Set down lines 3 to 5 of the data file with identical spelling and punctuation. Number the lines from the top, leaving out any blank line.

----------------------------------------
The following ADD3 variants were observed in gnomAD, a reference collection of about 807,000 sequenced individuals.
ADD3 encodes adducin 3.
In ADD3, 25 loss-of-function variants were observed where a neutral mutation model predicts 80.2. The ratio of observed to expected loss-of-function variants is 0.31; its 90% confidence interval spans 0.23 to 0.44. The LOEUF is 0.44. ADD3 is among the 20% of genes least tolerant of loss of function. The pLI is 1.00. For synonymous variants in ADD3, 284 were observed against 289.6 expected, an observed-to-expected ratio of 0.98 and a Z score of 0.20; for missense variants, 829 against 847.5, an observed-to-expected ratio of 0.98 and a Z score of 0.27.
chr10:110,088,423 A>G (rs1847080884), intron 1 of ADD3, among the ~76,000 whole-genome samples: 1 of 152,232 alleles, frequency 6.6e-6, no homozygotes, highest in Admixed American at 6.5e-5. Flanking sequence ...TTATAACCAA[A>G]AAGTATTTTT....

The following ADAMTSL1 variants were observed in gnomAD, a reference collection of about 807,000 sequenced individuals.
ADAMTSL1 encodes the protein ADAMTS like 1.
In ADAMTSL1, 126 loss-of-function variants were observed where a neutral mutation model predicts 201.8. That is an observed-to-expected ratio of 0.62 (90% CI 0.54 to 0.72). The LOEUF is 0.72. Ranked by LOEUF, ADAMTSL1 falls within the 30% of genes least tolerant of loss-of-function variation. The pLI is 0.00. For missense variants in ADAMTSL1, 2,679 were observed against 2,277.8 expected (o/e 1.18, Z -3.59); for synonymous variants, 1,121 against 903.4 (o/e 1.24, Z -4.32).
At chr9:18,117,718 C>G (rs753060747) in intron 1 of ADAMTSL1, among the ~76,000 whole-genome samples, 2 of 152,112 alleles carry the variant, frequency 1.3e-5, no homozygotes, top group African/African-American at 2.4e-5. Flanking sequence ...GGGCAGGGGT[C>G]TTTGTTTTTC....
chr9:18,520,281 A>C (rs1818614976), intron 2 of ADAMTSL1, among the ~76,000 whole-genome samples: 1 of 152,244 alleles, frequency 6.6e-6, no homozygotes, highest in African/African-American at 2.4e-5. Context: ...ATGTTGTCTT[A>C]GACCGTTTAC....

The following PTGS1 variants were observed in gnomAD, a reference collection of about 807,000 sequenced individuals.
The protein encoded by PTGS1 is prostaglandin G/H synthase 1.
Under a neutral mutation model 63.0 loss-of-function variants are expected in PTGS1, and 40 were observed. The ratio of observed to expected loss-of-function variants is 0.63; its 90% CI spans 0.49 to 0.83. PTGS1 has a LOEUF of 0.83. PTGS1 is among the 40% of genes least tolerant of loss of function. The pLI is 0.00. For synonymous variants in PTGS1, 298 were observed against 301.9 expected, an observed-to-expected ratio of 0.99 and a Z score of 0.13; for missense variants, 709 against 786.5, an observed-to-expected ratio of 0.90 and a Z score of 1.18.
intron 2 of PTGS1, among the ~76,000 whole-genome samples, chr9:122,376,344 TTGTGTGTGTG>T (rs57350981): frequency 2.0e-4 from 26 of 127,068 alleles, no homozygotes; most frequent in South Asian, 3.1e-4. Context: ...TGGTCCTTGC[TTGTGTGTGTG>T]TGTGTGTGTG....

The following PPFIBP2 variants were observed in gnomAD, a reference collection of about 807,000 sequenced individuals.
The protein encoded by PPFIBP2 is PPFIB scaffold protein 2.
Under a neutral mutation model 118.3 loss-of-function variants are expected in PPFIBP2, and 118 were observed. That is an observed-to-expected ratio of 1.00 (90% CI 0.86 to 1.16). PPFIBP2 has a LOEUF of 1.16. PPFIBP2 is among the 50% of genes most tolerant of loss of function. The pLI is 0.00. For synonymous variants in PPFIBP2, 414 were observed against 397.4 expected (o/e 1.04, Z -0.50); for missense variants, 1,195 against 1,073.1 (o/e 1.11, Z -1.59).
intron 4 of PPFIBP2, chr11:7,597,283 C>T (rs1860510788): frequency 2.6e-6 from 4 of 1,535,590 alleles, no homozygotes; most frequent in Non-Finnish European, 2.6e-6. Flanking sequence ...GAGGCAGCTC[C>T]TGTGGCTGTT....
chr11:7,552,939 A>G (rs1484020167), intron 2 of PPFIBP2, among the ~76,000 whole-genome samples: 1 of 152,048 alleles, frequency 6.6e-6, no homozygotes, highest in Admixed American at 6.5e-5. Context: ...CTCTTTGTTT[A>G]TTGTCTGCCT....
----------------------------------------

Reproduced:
In ADD3, 25 loss-of-function variants were observed where a neutral mutation model predicts 80.2. The ratio of observed to expected loss-of-function variants is 0.31; its 90% confidence interval spans 0.23 to 0.44. The LOEUF is 0.44. ADD3 is among the 20% of genes least tolerant of loss of function. The pLI is 1.00. For synonymous variants in ADD3, 284 were observed against 289.6 expected, an observed-to-expected ratio of 0.98 and a Z score of 0.20; for missense variants, 829 against 847.5, an observed-to-expected ratio of 0.98 and a Z score of 0.27.
chr10:110,088,423 A>G (rs1847080884), intron 1 of ADD3, among the ~76,000 whole-genome samples: 1 of 152,232 alleles, frequency 6.6e-6, no homozygotes, highest in Admixed American at 6.5e-5. Flanking sequence ...TTATAACCAA[A>G]AAGTATTTTT....

The following ADAMTSL1 variants were observed in gnomAD, a reference collection of about 807,000 sequenced individuals.